Jeremy Lin of the New York Knicks
Jeremy Lin of the New York Knicks is the NBA's first American player of Chinese or Taiwanese descent, and he may be New York's best new hope in the form of a powerful point guard. Reuters

I went to Madison Square Garden on a Saturday night out of boredom. Nothing more. Jeremy Lin of the New York Knicks changed all that, however.

But more about how that happened in a moment.

First, understand that the Knicks have been so woeful, the choice on a Saturday night was between an $11 movie ticket for a two-and-a-half star screening at a Regal theater near Union Square or the New York Knicks hosting the New Jersey Nets at MSG. Both teams brought lackluster records, far below .500. The movie held better odds. Yet, I rolled the dice, opting instead for a $50 game ticket scarfed from StubHub.

It seemed like a mistake, after I made my way to section 311, Row L, Seat 5 at Madison Square Garden.

No press pass. The investment was all mine. Something to merely pass the time, I hoped. But at my seat, I was surrounded in a mostly-full crowd of people wearing jerseys labeled with names like Stoudemire and Anthony.

And that was a problem. I should have gone to the movie, I thought. Eleven bucks and a few yawns is a better deal than 50 bucks and a few yawns.

After all, Stoudemire of the Knicks is a solid role player forced to prance as a star. Anthony of the Knicks is a star who should be forced as a role player. His defense is lackluster, and he's a streaky offensive player that reminds one of why the National Basketball Association brand has struggled in recent years.

He's simply a two-and-half-star stud who makes five stars of money.

But then the point guard named Jeremy Lin of the Knicks checked into the game.

One-third of the crowd at MSG cheered. Someone held up a sign, which said something like in Lin we trust.

Lin, the fourth player of Asian-American descent to make it in the NBA, made headlines in 2010 when Golden State signed the Harvard graduate to a free-agent contract. He was undrafted, but high in appeal if for nothing else capturing the Asian fan base after Yao Ming's retirement.

Yet he plays basketball in a way that once made the NBA great. He moves his feet like Djokovic and Nadal, and sees the court like Mark Jackson.

The New York Knicks picked him up in 2011. By mid-January, however, Lin was sent by the Knicks to the NBA's D-League -- forced to play with the Erie BayHawks. He simply hadn't been in the regular rotation of Knicks coach Mike D'Antoni at all. But the struggling Knicks needed some help at point guard with Baron Davis out injured, and Lin had managed to launch a triple-double in Erie. In one game, he scored 28 points, dished out 12 assits, and grabbed 11 rebounds.

That was good enough for a ticket back to the big league. So Lin found his way back to New York, and with the team at home against its also-struggling metro rival the Nets, he got into the game when it mattered -- given a chance to show he belongs.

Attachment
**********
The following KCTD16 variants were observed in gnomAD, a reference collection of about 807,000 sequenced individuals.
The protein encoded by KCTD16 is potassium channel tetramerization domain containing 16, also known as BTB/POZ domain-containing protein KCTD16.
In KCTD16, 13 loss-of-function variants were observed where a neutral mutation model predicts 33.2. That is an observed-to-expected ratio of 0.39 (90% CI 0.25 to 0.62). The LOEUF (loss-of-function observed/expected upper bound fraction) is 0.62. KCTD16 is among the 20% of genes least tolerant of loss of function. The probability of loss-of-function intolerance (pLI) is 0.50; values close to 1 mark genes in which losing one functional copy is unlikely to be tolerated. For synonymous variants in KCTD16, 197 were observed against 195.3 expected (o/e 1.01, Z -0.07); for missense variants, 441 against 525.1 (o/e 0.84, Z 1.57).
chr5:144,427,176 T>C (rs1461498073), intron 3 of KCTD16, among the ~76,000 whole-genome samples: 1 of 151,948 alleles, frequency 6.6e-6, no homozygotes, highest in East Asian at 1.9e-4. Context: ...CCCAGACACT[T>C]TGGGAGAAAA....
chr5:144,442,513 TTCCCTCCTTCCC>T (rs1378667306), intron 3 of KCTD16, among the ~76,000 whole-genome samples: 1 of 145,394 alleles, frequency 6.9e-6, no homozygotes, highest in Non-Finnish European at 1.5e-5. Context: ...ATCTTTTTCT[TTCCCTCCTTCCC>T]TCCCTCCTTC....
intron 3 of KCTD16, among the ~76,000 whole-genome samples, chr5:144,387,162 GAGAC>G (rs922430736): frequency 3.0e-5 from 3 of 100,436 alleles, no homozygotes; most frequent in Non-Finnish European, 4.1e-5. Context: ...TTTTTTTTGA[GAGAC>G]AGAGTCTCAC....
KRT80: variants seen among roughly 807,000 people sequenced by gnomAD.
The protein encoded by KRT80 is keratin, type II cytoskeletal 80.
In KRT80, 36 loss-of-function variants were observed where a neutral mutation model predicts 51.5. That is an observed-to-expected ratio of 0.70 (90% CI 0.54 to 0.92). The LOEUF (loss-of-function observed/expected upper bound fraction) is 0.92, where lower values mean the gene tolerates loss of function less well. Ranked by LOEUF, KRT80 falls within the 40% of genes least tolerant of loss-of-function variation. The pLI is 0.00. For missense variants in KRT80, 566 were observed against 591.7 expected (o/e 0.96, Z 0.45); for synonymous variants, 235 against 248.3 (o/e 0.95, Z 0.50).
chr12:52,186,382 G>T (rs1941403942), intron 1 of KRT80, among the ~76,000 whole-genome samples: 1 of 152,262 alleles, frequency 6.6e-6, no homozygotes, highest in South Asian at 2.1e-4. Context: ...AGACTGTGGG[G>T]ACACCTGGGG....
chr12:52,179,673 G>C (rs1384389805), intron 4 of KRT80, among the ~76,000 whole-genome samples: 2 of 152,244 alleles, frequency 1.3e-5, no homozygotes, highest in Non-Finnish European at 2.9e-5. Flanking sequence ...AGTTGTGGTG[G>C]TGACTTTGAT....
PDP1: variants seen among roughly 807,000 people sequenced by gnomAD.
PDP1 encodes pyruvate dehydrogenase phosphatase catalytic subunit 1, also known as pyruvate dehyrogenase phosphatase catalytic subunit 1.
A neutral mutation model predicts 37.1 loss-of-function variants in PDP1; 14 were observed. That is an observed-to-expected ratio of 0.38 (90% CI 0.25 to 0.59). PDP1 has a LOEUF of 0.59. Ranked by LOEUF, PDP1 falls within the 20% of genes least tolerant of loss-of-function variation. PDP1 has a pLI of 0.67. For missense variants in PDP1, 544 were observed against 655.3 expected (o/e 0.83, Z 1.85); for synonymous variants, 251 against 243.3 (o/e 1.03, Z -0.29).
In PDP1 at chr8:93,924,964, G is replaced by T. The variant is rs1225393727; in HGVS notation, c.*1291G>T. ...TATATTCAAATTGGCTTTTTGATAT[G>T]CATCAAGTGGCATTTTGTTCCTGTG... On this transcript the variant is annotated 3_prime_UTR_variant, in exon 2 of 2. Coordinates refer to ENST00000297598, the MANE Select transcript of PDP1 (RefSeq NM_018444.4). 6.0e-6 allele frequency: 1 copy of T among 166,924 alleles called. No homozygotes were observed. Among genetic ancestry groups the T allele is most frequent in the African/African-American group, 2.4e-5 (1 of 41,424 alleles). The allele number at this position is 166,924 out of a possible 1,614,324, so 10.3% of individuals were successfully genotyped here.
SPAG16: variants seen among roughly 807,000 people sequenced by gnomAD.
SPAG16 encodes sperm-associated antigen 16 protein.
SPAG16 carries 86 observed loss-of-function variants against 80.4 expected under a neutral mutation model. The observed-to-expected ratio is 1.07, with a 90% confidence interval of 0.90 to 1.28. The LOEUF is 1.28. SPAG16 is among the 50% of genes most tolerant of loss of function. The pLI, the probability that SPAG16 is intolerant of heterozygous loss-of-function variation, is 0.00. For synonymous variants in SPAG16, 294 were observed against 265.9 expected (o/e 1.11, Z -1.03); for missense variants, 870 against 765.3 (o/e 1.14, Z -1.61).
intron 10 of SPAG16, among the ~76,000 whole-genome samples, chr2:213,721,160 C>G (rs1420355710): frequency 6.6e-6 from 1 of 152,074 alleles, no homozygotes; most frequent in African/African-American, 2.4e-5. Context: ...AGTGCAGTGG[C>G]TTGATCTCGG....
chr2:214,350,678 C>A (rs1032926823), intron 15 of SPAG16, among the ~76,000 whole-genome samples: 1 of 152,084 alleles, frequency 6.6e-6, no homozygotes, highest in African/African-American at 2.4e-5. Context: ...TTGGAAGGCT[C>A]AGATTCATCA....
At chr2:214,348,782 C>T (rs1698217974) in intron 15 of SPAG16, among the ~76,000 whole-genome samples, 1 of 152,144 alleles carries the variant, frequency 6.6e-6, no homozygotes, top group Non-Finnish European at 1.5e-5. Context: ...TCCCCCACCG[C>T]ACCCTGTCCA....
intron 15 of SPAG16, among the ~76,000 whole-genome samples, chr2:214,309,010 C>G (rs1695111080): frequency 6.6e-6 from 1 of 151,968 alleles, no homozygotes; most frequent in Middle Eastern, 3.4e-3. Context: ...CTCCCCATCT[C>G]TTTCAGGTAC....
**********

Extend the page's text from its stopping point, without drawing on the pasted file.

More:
And did he ever.

From the start on this night, Lin -- a Christian like the NFL's Tim Tebow who may soon be a name just as big -- made the most of it. He scored with the fans from the moment he checked in, and the scoring continued throughout the game where it mattered most -- the box score. He dished assists, he drove to the basket, and generally made magic on a Saturday night in Manhattan, leading the Knicks to a 99-92 win over the Nets.

Lin razzled, dazzled and by the time he had led the team to victory, he was trending on Twitter. He even tweeted himself after the game to some 26,000 followers.

God is good during our ups and downs! he wrote on Twitter Saturday night. Glad we got the win!

Quarterback Eli Manning of the New York Giants is among the biggest sports focuses in the world at this moment, as he prepares to lead his team into the Super Bowl in Indianapolis against the New England Patriots on Sunday evening. But it was Lin who took Manhattan on Saturday night, scoring a career-high 25 points with seven assists, literally bringing the entire crowd to its feet before game end.

Sure, he hit a bit of a dry spell in the third quarter, missing one, two, three and four long-range jump shots. But D'Antoni stayed with him, and before long Lin, who stands six-foot-three but manages himself on the court with a calm poise reminiscent of great point guards of days-gone-by in the NBA, was soon driving to the basket and sinking one miracle after another.

The Nets couldn't stop him, and the entire MSG crowd rose to its feet chanting Jeremy Lin, Jeremy Lin.

After the game, as the crowd streamed from MSG, some fans stood in line at Knicks souvenir shops. They wanted Lin Knicks jerseys. But none were to be found, as jerseys with names Stoudemire and Annthony hung instead. Nobody purchased those.

On this night, however, it was all Jeremy Lin, who delivered a five-star performance at Madison Square Garden worth every penny of a $50 ticket.